Illustration to the Gita Govinda- Radha and Krishna in a Bower, circa 1775. Photo: Carlton Rochell Asian Art.
NEW YORK, NY.- Carlton Rochell will present a special exhibition devoted to thirty-seven important classical Indian paintings from an American Private Collection. The exhibition will be open to the public from Friday, March 13 through Friday, March 20, from 10 a.m. to 6 p.m.
Classical Indian paintings, aptly referred to as Indian miniatures because of their small scale and fine, jewel-like quality, were painted for royal patrons. Either to glorify the reign of a particular ruler, or more typically, to illustrate one of the ancient Hindu texts, these paintings were a significant aspect of Indian culture, both from an artistic and devotional point of view. Unlike other parts of the world, where painters’ principal commissions were large in format, the most talented and iconic Indian artists focused their efforts on these diminutive images. Given the numerous Indian courts at any given moment, the style and subject matter of the paintings differs regionally, as does the quality. Originally compiled in albums, which have long since been dispersed, single folios from known sets are now found in various collections around the world. Carlton Rochell’s exhibition features masterwork examples from some of the most desirable and rare albums of Rajasthani and Pahari painting, making it a prime opportunity for museums and collectors to acquire important examples of the genre. A show of this caliber, in this collecting category, has not been assembled for New York Asia Week in years; it will be a unique and special event.
Highlights include a page from one of the most prized sets of Indian painting, a Gita Govinda series dating to circa 1775 from the Punjab Hills region of Guler. The Gita Govinda tells the tale of Krishna and Radha’s volatile romance, paralleling the universal experience of love; the main characters face desire, hope, pride, disappointment, anger and reconciliation. This particular version of the epic is of the highest quality, having been commissioned for the wedding of Sansar Chand to the daughter of Kishan Singh of Suket in 1781, and attributable to the workshop-lineage of the great masters Pandit Seu, Nainsukh, and Manaka. Its lush landscapes, idealized figures and delicate brushwork are beautifully displayed in the exhibited image of Krishna and Radha in a Bower, making love. From a set known to have over 150 pages, over 35 of which have been published, this stands out as one of the most desirable given its joyful subject matter, which is reflected in the composition’s lush foliage and rich palette.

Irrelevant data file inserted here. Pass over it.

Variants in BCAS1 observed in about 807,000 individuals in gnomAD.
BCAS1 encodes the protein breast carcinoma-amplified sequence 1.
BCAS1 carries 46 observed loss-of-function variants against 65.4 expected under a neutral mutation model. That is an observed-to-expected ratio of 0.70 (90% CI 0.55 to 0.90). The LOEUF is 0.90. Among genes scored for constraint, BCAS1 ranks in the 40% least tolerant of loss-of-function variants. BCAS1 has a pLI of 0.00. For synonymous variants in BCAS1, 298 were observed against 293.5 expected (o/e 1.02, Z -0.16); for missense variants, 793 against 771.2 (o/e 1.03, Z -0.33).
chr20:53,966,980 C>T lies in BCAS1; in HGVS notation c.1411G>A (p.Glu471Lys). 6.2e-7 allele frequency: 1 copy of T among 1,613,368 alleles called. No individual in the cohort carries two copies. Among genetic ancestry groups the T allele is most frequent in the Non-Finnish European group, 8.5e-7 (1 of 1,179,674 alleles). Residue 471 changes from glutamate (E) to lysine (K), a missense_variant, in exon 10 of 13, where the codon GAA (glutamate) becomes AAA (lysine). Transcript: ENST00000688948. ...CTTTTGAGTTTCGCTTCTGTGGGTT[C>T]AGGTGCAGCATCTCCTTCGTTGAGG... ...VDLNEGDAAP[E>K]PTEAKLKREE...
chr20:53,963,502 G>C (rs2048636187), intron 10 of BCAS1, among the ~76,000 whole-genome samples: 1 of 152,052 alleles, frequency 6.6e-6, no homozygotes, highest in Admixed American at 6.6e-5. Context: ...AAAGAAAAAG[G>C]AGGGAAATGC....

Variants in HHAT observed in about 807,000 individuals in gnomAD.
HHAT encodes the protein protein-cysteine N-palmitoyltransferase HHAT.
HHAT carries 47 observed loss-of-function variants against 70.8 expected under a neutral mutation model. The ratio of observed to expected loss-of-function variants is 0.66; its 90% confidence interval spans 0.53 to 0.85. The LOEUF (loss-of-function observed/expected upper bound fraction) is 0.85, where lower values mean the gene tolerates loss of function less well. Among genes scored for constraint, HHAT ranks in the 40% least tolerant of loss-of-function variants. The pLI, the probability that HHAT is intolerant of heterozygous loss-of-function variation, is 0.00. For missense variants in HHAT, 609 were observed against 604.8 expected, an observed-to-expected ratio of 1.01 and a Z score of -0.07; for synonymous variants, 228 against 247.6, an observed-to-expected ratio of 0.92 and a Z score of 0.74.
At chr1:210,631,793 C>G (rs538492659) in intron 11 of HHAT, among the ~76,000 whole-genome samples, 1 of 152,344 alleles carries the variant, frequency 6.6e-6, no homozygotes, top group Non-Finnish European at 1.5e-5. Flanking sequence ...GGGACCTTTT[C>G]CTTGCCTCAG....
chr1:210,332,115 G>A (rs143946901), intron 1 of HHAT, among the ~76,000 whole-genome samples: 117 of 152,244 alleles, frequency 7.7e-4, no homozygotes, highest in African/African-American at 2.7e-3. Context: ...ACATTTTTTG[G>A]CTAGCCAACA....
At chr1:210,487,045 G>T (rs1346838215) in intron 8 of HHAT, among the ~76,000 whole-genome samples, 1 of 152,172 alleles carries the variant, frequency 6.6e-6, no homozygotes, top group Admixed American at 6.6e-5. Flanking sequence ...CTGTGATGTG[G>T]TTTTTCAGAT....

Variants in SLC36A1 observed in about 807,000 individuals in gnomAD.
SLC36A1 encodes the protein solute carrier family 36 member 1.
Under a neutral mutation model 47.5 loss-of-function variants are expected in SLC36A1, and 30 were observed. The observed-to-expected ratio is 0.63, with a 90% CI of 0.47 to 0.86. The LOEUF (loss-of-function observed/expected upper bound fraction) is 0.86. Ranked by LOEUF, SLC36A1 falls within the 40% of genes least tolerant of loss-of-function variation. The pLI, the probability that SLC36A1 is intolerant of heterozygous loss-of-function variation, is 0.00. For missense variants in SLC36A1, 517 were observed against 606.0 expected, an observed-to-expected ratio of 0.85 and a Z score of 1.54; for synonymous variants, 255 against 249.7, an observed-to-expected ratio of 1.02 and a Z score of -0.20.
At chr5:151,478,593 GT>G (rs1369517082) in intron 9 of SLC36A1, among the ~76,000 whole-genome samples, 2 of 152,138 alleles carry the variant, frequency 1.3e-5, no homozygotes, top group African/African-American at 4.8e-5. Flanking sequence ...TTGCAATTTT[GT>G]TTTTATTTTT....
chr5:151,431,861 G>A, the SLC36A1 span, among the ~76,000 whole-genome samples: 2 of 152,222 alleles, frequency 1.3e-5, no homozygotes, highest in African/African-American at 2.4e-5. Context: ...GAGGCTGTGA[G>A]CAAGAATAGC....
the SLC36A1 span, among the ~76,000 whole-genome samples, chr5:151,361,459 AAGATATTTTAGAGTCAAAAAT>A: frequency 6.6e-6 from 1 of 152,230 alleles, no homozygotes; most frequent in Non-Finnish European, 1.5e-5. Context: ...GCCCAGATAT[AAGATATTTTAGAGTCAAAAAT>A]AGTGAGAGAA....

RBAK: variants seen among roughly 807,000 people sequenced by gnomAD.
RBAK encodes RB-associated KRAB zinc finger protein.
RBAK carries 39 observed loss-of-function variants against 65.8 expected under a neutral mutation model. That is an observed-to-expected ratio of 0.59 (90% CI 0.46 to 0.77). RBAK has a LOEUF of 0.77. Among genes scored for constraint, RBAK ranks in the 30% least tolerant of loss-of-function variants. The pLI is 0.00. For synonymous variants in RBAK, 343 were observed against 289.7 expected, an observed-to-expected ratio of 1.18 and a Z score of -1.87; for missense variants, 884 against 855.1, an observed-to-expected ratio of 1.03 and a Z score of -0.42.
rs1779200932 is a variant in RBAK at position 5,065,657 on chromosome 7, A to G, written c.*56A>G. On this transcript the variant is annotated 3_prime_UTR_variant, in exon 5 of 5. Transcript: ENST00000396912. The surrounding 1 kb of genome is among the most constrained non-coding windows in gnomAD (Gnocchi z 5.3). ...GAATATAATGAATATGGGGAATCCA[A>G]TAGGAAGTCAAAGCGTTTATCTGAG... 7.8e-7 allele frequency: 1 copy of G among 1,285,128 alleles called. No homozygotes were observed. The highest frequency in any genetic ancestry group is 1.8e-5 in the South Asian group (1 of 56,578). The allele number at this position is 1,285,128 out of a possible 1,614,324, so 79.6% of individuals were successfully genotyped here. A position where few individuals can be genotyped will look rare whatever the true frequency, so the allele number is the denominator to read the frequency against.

Also from the highly sought-after school of painting in Guler, is an image depicting Krishna lifting the Mountain Govardhana. The page belonged to a now dispersed 1740 Bhagavata Purana series, a manuscript that celebrates the life and deeds of Krishna, and would have been one of the highlights in the album. A beloved subject, particularly in areas populated with ardent Krishna devotees, the myth tells of the blue-skinned deity raising a mountain to shield the locals from a fierce storm sent by the god, Indra, whose wrath they had incurred. All were left in awe of Krishna’s celebrated miracle. Works from this set are not often available, making this an exceptional acquisition opportunity for collectors of Indian painting.